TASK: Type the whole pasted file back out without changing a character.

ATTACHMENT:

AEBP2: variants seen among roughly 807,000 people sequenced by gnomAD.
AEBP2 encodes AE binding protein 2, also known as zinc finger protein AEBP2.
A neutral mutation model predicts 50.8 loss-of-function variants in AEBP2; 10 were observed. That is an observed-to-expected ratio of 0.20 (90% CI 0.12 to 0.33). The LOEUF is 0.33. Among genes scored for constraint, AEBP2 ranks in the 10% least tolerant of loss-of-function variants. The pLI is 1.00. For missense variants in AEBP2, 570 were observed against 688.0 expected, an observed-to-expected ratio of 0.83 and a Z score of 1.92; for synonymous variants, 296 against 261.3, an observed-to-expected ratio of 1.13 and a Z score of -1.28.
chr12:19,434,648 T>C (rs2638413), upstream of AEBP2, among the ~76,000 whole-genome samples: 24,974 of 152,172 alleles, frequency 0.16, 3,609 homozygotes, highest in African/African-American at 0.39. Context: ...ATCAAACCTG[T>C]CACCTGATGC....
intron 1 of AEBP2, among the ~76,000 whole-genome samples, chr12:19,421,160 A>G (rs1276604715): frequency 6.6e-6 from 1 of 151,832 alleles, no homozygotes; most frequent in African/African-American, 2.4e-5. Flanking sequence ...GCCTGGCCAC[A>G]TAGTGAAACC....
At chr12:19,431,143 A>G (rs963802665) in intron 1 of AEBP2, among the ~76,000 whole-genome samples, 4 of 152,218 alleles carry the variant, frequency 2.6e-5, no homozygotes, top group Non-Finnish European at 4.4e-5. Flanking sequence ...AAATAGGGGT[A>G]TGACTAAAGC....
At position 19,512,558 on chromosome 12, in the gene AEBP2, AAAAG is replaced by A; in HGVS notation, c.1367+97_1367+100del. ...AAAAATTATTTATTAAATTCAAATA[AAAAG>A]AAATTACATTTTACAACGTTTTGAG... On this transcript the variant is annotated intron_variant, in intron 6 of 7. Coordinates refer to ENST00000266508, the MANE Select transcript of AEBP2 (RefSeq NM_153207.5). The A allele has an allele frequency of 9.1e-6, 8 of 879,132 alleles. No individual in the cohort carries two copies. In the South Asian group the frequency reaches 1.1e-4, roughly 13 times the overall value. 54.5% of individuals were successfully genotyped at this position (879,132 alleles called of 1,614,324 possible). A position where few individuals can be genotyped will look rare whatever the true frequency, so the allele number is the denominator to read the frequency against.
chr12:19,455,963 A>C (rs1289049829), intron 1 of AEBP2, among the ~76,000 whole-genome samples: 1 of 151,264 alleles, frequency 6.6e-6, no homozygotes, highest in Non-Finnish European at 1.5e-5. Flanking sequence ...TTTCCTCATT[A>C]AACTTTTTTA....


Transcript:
AEBP2: variants seen among roughly 807,000 people sequenced by gnomAD.
AEBP2 encodes AE binding protein 2, also known as zinc finger protein AEBP2.
A neutral mutation model predicts 50.8 loss-of-function variants in AEBP2; 10 were observed. That is an observed-to-expected ratio of 0.20 (90% CI 0.12 to 0.33). The LOEUF is 0.33. Among genes scored for constraint, AEBP2 ranks in the 10% least tolerant of loss-of-function variants. The pLI is 1.00. For missense variants in AEBP2, 570 were observed against 688.0 expected, an observed-to-expected ratio of 0.83 and a Z score of 1.92; for synonymous variants, 296 against 261.3, an observed-to-expected ratio of 1.13 and a Z score of -1.28.
chr12:19,434,648 T>C (rs2638413), upstream of AEBP2, among the ~76,000 whole-genome samples: 24,974 of 152,172 alleles, frequency 0.16, 3,609 homozygotes, highest in African/African-American at 0.39. Context: ...ATCAAACCTG[T>C]CACCTGATGC....
intron 1 of AEBP2, among the ~76,000 whole-genome samples, chr12:19,421,160 A>G (rs1276604715): frequency 6.6e-6 from 1 of 151,832 alleles, no homozygotes; most frequent in African/African-American, 2.4e-5. Flanking sequence ...GCCTGGCCAC[A>G]TAGTGAAACC....
At chr12:19,431,143 A>G (rs963802665) in intron 1 of AEBP2, among the ~76,000 whole-genome samples, 4 of 152,218 alleles carry the variant, frequency 2.6e-5, no homozygotes, top group Non-Finnish European at 4.4e-5. Flanking sequence ...AAATAGGGGT[A>G]TGACTAAAGC....
At position 19,512,558 on chromosome 12, in the gene AEBP2, AAAAG is replaced by A; in HGVS notation, c.1367+97_1367+100del. ...AAAAATTATTTATTAAATTCAAATA[AAAAG>A]AAATTACATTTTACAACGTTTTGAG... On this transcript the variant is annotated intron_variant, in intron 6 of 7. Coordinates refer to ENST00000266508, the MANE Select transcript of AEBP2 (RefSeq NM_153207.5). The A allele has an allele frequency of 9.1e-6, 8 of 879,132 alleles. No individual in the cohort carries two copies. In the South Asian group the frequency reaches 1.1e-4, roughly 13 times the overall value. 54.5% of individuals were successfully genotyped at this position (879,132 alleles called of 1,614,324 possible). A position where few individuals can be genotyped will look rare whatever the true frequency, so the allele number is the denominator to read the frequency against.
chr12:19,455,963 A>C (rs1289049829), intron 1 of AEBP2, among the ~76,000 whole-genome samples: 1 of 151,264 alleles, frequency 6.6e-6, no homozygotes, highest in Non-Finnish European at 1.5e-5. Flanking sequence ...TTTCCTCATT[A>C]AACTTTTTTA....